The catalyst system according to the invention is particularly suitable for use in a process for preparing one or more alkanols from syngas. The process comprises contacting a mixture of carbon monoxide and hydrogen with the catalyst system according to the invention under conditions effective to produce one or more alkanols.

The reaction conditions effective to produce one or more alkanols include a temperature from 100° C. to 350° C. Preferably, the temperature is at least 150° C., such as from 150° C. to 280° C. More preferably, the temperature is at least 180° C., such as from 180° C. to 250° C.

The effective reaction conditions also include a CO/H2 pressure from 500 psi (3.5 MPa) to 20,000 psi (130 MPa) or more. Preferably, the CO/H2 pressure is at least 1,000 psi (7 MPa), such as from 1,000 psi (7 MPa) to 12,500 psi (86 MPa). More preferably, the CO/H2 pressure is at least 2,000 psi (14 MPa), such as from 2,000 psi (14 MPa) to 8,000 psi (55 MPa).

The volumetric ratio of carbon monoxide to hydrogen (CO:H2) in the synthesis gas feed mixture can range from 0.1:1 to 10:1, preferably from 0.25:1 to 4:1, and more preferably from 0.33:1 to 2:1.

The process of this invention can be conducted in a batch, semi-continuous, or continuous fashion. The catalyst system may be initially introduced into the reaction zone batchwise, or it may be continuously or intermittently introduced into such a zone during the course of the synthesis reaction. Operating conditions can be adjusted to optimize the formation of the desired alkanol product. Preferred products include methanol or ethanol or both. The alkanol product may be recovered by methods well known in the art, such as distillation, fractionation, extraction, and the like. A fraction rich in the ruthenium catalyst component may then be recycled to the reaction zone, if desired, and additional products generated.

The mixture of carbon monoxide and hydrogen is typically introduced into the reactor as a gas, while the catalyst components are typically first introduced into the reactor as solids and/or liquids. Under reaction conditions, the tetraorganophosphonium salt should be in the liquid phase as a melt, and the ruthenium and halogen compounds are dispersed in that melt.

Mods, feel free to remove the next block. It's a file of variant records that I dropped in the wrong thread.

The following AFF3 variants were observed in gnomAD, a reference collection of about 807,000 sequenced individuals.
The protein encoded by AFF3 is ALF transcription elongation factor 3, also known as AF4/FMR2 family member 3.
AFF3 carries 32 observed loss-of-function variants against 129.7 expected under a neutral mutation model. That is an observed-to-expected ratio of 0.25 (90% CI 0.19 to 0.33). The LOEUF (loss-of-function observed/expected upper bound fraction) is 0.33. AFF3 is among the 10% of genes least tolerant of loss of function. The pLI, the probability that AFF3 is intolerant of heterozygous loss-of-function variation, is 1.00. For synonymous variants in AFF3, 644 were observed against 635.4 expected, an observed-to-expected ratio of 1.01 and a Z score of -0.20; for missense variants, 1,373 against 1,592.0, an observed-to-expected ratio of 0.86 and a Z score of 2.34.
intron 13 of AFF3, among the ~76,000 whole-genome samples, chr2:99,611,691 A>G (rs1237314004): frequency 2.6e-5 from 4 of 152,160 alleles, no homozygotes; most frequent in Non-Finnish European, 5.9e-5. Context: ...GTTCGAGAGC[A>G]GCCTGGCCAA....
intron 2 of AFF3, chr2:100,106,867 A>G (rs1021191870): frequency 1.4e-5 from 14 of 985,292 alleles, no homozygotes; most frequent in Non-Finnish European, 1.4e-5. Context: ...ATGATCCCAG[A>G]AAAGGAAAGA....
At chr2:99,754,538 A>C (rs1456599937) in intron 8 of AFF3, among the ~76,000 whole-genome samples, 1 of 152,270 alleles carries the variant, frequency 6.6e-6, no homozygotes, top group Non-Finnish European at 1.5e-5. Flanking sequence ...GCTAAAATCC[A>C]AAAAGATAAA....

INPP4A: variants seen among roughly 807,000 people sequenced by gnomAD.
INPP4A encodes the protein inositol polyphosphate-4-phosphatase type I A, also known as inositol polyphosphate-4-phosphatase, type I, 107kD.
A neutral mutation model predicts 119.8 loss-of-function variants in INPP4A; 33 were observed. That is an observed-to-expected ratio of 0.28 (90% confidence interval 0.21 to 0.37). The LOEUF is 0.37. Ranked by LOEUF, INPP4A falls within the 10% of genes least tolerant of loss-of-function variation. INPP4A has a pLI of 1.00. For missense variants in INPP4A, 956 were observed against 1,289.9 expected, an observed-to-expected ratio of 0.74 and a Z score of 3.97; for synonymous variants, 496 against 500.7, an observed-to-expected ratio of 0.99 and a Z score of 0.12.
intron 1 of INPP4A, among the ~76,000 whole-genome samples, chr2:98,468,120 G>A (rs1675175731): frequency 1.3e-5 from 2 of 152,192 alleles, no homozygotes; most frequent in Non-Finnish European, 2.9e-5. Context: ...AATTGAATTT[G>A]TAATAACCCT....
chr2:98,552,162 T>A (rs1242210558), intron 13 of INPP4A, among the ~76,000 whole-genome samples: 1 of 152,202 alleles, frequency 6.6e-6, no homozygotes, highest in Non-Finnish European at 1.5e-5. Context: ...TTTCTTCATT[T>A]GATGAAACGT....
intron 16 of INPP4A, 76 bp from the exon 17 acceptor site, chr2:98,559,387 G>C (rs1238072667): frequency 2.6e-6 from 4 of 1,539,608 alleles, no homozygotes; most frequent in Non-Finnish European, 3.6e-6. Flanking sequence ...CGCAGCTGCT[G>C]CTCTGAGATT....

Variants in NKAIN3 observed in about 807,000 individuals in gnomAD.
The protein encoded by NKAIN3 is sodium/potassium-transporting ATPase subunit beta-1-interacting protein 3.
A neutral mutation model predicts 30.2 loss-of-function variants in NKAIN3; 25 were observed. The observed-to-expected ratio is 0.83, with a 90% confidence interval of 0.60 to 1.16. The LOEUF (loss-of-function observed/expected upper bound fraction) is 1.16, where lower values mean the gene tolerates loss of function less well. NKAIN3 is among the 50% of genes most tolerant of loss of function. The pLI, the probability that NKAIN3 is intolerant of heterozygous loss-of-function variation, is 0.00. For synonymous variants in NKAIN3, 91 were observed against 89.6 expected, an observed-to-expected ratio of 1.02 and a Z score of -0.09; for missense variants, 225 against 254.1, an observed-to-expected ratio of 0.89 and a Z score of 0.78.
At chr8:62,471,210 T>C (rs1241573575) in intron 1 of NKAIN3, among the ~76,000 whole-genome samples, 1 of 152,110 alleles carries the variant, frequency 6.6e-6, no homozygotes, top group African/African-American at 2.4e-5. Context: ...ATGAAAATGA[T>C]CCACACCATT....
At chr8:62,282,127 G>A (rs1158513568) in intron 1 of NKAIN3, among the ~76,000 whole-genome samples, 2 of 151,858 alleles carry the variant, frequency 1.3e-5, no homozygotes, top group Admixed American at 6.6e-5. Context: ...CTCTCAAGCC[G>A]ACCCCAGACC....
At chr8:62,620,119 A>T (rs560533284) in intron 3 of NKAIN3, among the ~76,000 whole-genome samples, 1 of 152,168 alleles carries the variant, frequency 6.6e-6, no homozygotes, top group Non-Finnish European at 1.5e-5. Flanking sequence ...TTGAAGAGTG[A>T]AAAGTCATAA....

As used herein, the terms “synthesis gas” or “syngas” refer to a gas mixture of carbon monoxide (CO) and hydrogen (H2). The gas mixture used herein did not include carbon dioxide (CO2).

As used herein, the indefinite articles “a” and “an” mean one or more, unless the context clearly suggests otherwise. Similarly, the singular form of nouns includes their plural form, and vice versa, unless the context clearly suggests otherwise.

While attempts have been made to be precise, the numerical values and ranges described herein should be considered to be approximations. These values and ranges may vary from their stated numbers depending upon the desired properties sought to be obtained by the present invention as well as the variations resulting from the standard deviation found in the measuring techniques. Moreover, the ranges described herein are intended and specifically contemplated to include all sub-ranges and values within the stated ranges. For example, a range of 50 to 100 is intended to include all values within the range including sub-ranges such as 60 to 90 and 70 to 80.

This invention can be further illustrated by the following examples of preferred embodiments thereof, although it will be understood that these examples are included merely for purposes of illustration and are not intended to limit the scope of the invention. Unless otherwise indicated, all percentages are by weight.

EXAMPLES

Unless stated otherwise, all chemicals were obtained from Sigma Aldrich and used as received. Air-sensitive compounds were handled under N2 using standard Schlenk techniques. NMR spectra where recorded on a Varian 300 NMR or Bruker AM 300/400 NMR spectrometers. 1H chemical shifts were referenced to the solvent: CD2HCN δ 1.95 (p, J=2.5 Hz). 31P NMR spectra were referenced to external H3PO4. Gas chromatography analysis was performed using a Supelcowax-10 Capillary Column (60 m×0.32 mm×1.0 μm film thickness) using an Agilent 6890N Network GC system equipped with a flame ionisation detector. For identification, a HP 6890 series GC system equipped with a HP 5973 mass selective detector was used. Both machines used 1 mL min−1 He carrier gas flow and 250° C. injector and detector temperatures. The temperature was programmed as follows: 50° C., hold 3 minutes, ramp 20° C. min−1, 150° C., hold 5 min, ramp 20° C. min-1, 220° C., hold 13 minutes. The split ratio was 1:100.

Example 1

Preparation of Tributylphosphonium Bromide [HPBu3]Br